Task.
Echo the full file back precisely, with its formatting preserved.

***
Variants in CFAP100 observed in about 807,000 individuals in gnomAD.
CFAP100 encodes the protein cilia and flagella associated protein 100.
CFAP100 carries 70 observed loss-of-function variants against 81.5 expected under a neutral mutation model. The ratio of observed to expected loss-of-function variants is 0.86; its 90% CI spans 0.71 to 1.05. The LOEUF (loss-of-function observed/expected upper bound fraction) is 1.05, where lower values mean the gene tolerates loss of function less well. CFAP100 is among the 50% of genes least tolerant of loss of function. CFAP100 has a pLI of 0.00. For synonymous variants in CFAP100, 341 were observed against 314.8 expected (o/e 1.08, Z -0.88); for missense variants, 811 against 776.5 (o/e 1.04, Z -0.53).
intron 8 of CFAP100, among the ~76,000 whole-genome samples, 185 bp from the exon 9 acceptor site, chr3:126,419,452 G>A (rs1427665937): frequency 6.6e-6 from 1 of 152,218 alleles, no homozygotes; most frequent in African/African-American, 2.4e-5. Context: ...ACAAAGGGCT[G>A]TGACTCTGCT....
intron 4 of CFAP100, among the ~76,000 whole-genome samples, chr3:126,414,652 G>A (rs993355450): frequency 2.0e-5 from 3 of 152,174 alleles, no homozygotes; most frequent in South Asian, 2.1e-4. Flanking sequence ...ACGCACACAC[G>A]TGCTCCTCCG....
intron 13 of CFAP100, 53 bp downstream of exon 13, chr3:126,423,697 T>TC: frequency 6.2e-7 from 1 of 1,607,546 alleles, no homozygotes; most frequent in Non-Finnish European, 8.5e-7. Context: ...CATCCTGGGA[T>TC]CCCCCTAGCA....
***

Variants in CFAP100 observed in about 807,000 individuals in gnomAD.
CFAP100 encodes the protein cilia and flagella associated protein 100.
CFAP100 carries 70 observed loss-of-function variants against 81.5 expected under a neutral mutation model. The ratio of observed to expected loss-of-function variants is 0.86; its 90% CI spans 0.71 to 1.05. The LOEUF (loss-of-function observed/expected upper bound fraction) is 1.05, where lower values mean the gene tolerates loss of function less well. CFAP100 is among the 50% of genes least tolerant of loss of function. CFAP100 has a pLI of 0.00. For synonymous variants in CFAP100, 341 were observed against 314.8 expected (o/e 1.08, Z -0.88); for missense variants, 811 against 776.5 (o/e 1.04, Z -0.53).
intron 8 of CFAP100, among the ~76,000 whole-genome samples, 185 bp from the exon 9 acceptor site, chr3:126,419,452 G>A (rs1427665937): frequency 6.6e-6 from 1 of 152,218 alleles, no homozygotes; most frequent in African/African-American, 2.4e-5. Context: ...ACAAAGGGCT[G>A]TGACTCTGCT....
intron 4 of CFAP100, among the ~76,000 whole-genome samples, chr3:126,414,652 G>A (rs993355450): frequency 2.0e-5 from 3 of 152,174 alleles, no homozygotes; most frequent in South Asian, 2.1e-4. Flanking sequence ...ACGCACACAC[G>A]TGCTCCTCCG....
intron 13 of CFAP100, 53 bp downstream of exon 13, chr3:126,423,697 T>TC: frequency 6.2e-7 from 1 of 1,607,546 alleles, no homozygotes; most frequent in Non-Finnish European, 8.5e-7. Context: ...CATCCTGGGA[T>TC]CCCCCTAGCA....